Antigone is the work of Sophocles, the fifth century B.C.'s answer to Stephen Sondheim or Andrew Lloyd Webber. Sophocles was one of the great Greek writers, credited with some 120 plays, and he seems to be making a career comeback in the Valley--Southwest Shakespeare Company recently presented another Sophocles play, Oedipus Rex.
Sophocles frequently explored man's conflict with the gods and fate. While Oedipus seems to be unwittingly condemned, the fate of Antigone is quite literally sealed with her full knowledge.
Antigone picks up years after the death ofOedipus. Antigone and Ismaene, Oedipus' daughters, are grown women, and their uncle, Creon, rules Thebes. Antigone's brother, Polynieces, dies in a revolt against Creon, and Creon has decreed that Polynieces' body be left to desecration by wild beasts. Antigone, appalled and heartbroken, defies Creon's order and buries her brother. She does so knowing that her disobedience may cost her her life.
Antigone is indeed sentenced to death--a ruling she accepts with dignity--and is sealed away in the family tomb. Creon, finally heeding the protests of his subjects, reverses Antigone's death sentence, only to find that she has committed suicide.
Modern audiences may have difficulty relating to a character who would knowingly throw down her life for the family honor. Still, Antigone proves to be an intriguing study in the value of life, honor and power as seen through the eyes of the ancient Greeks.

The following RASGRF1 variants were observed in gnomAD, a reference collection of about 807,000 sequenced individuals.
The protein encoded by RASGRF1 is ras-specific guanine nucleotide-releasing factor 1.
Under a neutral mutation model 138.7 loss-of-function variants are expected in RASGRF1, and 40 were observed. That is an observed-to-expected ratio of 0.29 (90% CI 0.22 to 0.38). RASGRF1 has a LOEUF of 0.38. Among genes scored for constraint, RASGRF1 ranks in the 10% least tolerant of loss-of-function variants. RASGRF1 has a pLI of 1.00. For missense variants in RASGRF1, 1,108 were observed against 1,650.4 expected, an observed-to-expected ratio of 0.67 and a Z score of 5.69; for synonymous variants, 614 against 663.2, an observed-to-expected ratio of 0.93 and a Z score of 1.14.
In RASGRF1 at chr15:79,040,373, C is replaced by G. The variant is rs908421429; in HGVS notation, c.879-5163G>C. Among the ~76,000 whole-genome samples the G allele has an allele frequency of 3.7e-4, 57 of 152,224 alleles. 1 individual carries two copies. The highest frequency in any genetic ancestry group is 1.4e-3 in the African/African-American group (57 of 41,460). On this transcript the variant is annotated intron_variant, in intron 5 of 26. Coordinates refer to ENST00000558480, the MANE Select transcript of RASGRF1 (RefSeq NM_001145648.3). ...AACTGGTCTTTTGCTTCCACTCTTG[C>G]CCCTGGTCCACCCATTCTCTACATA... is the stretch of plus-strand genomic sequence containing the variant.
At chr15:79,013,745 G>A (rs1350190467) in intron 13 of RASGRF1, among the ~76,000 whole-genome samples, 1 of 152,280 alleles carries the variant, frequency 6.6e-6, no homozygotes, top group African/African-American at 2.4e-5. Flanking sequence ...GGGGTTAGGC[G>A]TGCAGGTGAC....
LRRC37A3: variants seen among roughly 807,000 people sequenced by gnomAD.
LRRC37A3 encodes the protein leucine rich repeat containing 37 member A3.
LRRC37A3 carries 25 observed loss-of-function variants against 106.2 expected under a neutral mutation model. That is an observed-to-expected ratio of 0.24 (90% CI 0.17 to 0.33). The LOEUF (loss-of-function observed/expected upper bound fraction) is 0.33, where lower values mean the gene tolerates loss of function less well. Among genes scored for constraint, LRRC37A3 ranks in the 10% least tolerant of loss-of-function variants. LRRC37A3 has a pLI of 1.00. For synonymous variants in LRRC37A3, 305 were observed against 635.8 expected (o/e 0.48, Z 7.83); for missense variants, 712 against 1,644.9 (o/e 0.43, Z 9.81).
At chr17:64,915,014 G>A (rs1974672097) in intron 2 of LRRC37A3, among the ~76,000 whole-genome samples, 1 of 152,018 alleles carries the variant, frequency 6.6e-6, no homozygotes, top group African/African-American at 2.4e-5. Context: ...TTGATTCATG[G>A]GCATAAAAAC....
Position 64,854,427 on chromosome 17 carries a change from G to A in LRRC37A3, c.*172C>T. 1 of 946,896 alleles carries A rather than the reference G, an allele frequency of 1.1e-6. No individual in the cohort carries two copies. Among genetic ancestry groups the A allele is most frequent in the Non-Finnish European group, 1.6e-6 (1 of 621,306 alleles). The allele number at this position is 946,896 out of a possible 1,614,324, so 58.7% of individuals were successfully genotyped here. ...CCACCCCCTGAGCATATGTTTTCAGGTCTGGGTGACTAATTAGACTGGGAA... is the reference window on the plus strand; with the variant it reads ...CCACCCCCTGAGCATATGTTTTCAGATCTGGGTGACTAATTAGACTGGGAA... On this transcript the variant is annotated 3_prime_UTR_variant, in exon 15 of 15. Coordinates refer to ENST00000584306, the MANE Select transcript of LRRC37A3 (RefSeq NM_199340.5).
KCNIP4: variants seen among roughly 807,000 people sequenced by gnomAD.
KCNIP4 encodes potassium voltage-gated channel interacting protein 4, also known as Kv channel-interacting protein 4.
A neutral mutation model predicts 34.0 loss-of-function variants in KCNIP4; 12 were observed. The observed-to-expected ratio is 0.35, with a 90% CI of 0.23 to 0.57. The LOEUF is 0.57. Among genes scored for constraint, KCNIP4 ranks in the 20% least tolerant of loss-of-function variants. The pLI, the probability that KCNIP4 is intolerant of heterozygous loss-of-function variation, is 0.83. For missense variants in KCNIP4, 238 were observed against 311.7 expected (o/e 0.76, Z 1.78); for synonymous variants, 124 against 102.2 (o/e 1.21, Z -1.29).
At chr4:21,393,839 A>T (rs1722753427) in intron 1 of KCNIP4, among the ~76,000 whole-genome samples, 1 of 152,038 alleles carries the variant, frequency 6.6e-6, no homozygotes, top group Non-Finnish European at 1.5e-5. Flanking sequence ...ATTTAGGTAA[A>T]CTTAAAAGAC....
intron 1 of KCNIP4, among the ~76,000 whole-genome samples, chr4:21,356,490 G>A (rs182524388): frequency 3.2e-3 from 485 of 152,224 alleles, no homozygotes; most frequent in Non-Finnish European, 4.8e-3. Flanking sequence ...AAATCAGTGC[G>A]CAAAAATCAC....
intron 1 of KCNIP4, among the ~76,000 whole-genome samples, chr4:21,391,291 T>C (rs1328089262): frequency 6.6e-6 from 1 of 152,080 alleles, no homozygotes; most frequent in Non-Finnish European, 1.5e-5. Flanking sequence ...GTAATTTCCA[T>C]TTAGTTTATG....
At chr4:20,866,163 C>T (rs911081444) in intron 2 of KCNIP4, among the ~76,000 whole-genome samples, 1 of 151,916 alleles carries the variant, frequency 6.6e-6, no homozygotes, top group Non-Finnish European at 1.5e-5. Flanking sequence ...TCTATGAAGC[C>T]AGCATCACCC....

And, thanks to director/artistic director Peter James Cirino and his treatment of this classic text, the themes play out as a delightful feast for the senses. Patrons encounter two armed guards at the entry to the theatre. Inside, they experience vibrant, blood-red curtains covering the stage floor; the brilliant wonder of fire; the sensuality of the human body; the emotion of music; the grace of dance.
Cirino succeeds in creating a boundless, timeless world, open to broad interpretation, without hampering the clarity of the message.
The acting is generally good, with a wonderful performance by Per Schelde as Creon. He is authoritative, dominating every scene. Yet, as Creon evolves from omnipotent king to vascillating politician, Schelde skillfully reveals Creon's inner struggle.
Timm Rogers, as the blind prophet, Teiresias, is a cool bohemian, giving his narration and prophecy in an appealing, beatnik style. Rogers toys with the audience as he revels in all that he knows.
The traditional Greek chorus is pared down to four shaman and an adviser, the self-proclaimed goddess Demeter, who is also Creon's mistress. Cirino wisely gives each of these five fine performers individual dialogue as opposed to unison speaking, and the interpretations are fresh and interesting. Particularly effective is Heather Lea Poole, whose eyes are as expressive as her voice.
Underscoring the evening is incredible, live guitar music by Athena Palmer. Palmer sets the mood with rhythmic magic and piercing sound effects, yet she never detracts from the action onstage.
Antigone continues through Saturday, February 3, at Planet Earth MultiCultural Theatre, 909 North Third Street. For more details, see Theatre listing in Thrills.